It begins with the dramatic opening chords of Celine Dion’s “It’s All Coming Back to Me Now”, a flash of lightning and the vision of an ethereal Courtney Act hovering above the stage. It’s a warning, this isn’t any ordinary version of Noël Coward’s supernatural comedy.
Charles Condomine (Matt Day) is a writer in need of some reference material for a character he is writing, a supernatural medium. So he and his wife Ruth (Bessie Holland) invite the local spiritualist, Madame Arcati (Brigid Zengeni), along with a friendly couple, the Bradmans (Nancy Denis and Tracy Mann) around for a séance. When the séance unexpectedly brings forth the ghost of Charles’ late first wife, Elvira (Courtney Act), a very unusual domestic scene takes shape.
Old comedies can often look dull to contemporary eyes and I’ll admit I wasn’t entirely looking forward to watching Sydney Theatre Company’s production of Blithe Spirit. Yes, the cast looked excellent, and the casting of Shane Jenek/Courtney Act in a cis female role was interesting. Yes, I like Noël Coward, a seminal gay wit and revered writer. But just look at the recent film of Blithe Spirit – not even Dan Stevens, Isla Fisher and Judie Dench could save it! But any fears I might have had were quickly dispelled.
Why is Celine Dion being played during a Noël Coward play? It’s the kind of meta joke that sets the tone for the whole evening in which Coward’s text is treated with respect (mostly), but every moment in between is jammed with extra humour to bring the pace up to the level modern audiences expect. Director Paige Rattray has attacked the comedy with a showperson’s eye – filling it with flourishes and that extra sprinkle of razzle-dazzle. Yes the whole show is a bit extra, but the audience is left screaming for more.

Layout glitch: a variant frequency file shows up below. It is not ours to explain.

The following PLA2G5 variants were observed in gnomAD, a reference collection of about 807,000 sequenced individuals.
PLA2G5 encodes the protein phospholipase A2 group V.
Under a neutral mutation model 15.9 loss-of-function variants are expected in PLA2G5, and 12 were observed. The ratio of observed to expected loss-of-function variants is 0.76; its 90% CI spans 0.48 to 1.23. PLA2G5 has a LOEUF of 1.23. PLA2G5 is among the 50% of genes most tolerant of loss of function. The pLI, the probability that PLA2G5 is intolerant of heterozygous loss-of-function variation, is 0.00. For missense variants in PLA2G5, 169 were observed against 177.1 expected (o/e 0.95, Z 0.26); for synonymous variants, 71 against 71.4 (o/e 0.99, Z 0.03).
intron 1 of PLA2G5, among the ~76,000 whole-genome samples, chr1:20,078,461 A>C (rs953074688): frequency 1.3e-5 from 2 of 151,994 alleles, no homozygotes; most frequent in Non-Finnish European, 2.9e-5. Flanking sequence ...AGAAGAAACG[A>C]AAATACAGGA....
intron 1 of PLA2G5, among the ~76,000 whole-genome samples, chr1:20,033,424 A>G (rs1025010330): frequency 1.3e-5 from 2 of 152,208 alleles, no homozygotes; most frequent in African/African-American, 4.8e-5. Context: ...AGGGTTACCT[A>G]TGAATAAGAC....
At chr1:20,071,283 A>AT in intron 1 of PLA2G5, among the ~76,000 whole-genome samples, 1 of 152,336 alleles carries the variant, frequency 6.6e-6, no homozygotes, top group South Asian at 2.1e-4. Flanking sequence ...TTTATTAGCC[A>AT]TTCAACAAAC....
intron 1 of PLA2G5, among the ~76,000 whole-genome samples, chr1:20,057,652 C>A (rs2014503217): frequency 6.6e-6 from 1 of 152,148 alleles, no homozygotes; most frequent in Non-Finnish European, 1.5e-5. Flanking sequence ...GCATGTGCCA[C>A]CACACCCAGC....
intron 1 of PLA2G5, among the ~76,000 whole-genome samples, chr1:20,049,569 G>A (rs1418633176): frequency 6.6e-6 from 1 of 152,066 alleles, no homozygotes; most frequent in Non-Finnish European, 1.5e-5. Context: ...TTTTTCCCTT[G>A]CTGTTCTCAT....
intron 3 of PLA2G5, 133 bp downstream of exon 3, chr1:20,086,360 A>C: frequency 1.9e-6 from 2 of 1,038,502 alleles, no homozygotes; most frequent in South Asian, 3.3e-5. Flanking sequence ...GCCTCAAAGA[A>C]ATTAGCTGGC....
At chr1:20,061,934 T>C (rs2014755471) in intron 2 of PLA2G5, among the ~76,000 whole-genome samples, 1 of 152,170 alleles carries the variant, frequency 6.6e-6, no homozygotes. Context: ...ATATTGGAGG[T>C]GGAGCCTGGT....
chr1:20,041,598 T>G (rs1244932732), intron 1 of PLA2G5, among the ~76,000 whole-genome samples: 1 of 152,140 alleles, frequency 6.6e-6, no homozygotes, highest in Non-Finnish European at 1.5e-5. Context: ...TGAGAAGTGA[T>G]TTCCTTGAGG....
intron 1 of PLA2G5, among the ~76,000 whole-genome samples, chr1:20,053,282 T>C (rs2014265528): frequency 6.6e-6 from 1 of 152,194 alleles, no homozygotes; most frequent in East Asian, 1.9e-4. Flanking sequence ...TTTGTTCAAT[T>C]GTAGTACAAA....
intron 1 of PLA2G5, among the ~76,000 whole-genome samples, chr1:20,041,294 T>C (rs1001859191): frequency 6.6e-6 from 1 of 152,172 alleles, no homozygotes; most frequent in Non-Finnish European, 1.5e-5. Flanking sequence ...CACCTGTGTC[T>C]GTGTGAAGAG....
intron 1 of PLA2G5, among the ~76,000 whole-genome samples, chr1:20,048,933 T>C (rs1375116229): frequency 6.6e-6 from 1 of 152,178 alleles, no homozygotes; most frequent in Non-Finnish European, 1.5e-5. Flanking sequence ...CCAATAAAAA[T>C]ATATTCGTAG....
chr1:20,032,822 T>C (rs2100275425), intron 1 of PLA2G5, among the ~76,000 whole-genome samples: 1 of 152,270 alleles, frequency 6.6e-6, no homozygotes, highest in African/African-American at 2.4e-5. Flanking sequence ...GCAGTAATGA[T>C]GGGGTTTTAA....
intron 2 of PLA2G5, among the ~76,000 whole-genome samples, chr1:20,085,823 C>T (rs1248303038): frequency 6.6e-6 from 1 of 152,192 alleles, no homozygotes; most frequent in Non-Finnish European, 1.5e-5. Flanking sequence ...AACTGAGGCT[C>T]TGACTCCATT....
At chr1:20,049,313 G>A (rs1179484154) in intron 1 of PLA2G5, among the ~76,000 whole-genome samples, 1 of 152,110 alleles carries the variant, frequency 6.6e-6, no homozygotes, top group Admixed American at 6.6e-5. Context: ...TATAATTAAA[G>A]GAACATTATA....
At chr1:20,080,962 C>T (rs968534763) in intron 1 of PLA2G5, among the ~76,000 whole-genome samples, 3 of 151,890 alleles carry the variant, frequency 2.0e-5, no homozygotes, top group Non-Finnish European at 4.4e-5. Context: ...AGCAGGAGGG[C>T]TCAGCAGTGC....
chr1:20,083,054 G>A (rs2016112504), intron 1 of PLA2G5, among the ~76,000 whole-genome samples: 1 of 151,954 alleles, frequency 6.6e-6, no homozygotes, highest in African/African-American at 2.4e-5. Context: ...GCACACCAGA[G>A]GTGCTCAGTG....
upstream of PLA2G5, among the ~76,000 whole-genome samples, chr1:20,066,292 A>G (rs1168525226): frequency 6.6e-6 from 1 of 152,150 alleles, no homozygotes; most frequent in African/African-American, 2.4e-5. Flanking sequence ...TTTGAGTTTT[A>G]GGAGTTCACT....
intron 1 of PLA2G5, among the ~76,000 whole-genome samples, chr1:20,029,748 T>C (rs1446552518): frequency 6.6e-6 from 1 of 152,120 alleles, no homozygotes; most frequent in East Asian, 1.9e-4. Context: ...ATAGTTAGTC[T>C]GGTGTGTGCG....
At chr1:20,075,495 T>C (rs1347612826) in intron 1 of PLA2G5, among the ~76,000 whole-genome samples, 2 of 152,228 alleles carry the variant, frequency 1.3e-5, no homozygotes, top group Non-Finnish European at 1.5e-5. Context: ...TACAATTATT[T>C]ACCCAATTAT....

It’s weird to say but Courtney Act is probably only the third or fourth campest performer on the stage. She’s up against Tracy Mann in the male role of Dr Bradman (played in outrageous drag as a kilt-wearing Scotsman with oversized ginger eyebrows). Then there’s the maid Edith (Megan Wilding), usually played as a mousey, easily frighted thing, but here has been turned into an unusual creature with the ability to throw side-eye like it’s a superpower. Plus, Madame Arcati isn’t just an eccentric, Bohemian spinster, she’s become a modern, overly-eager lycra-clad medium who speaks in deep tones. In this crowd, rather thrillingly Courtney Act’s Elvira almost feels like the most conventional of the bunch!
The show’s anchor is the double act of Matt Day and Bessie Holland as Mr and Mrs Condomine. Day perfectly embodies that dishevelled British charm of the upper classes, and while he serves as the straight man (in many ways) to the play’s more outrageous moments, his timing is impeccable. You almost do feel sorry for the poor sap when he has to deal with not only one demanding wife, but two.
However it is Bessie Holland’s night, as Ruth Condomine she steals the show. Her Ruth is like a bludgeon wrapped in silk, attacking each moment for comedy gold; be it pronouncing cucumber in the manner of Hilaria Baldwin (“Coo-cumber”) or throwing an endless array of camp reactions. Her entrance in Act 2 was a thing of absurd genius. An indomitable presence on the stage, Holland set the bar high for her fellow performers to match, and thankfully they did.
On top of this gymnastic pyramid of comedy performances jumps Courtney Act, like a cheerleader being flung up into the air to balletically stick the landing. As she forewarned us, this is not a standard Courtney Act show; instead she pulls out her impressive comedy chops and proves she has impeccable timing. My fear was that she might get lost among the more seasoned stage actors around her; but no, she delivers the glamour, sex appeal, charm and quips in fine order. Elvira’s puckish nature gleefully causes havoc and Courtney is having a ball doing it. The scene of Elvira being attacked by another, unseen ghost is a terrific blend of physical comedy and stunt work. Courtney Act can act!
The performers are all set up for success thanks to sumptuous stage design by David Fleischer (I was dream shopping the furnishings and artwork), lighting by Damien Copper, and brilliant magic and Illusion work by Adam Mada – the tricks really are wondrous. My only minor quibble about the evening is the length of show, running at two hour and forty minutes, it feels a bit drawn out for a comedy and it would really zing by if a few scenes were trimmed.
When the show was over, the audience spilled out of the Sydney Opera House’s Drama Theatre and looked straight out on the iconic Harbour Bridge, filled with laughter and wine, after an evening of unmissable entertainment. This is the Sydney Theatre Company firing on all cylinders and Blithe Spirit is an all-round crowd-pleaser of a production.
By Chad Armstrong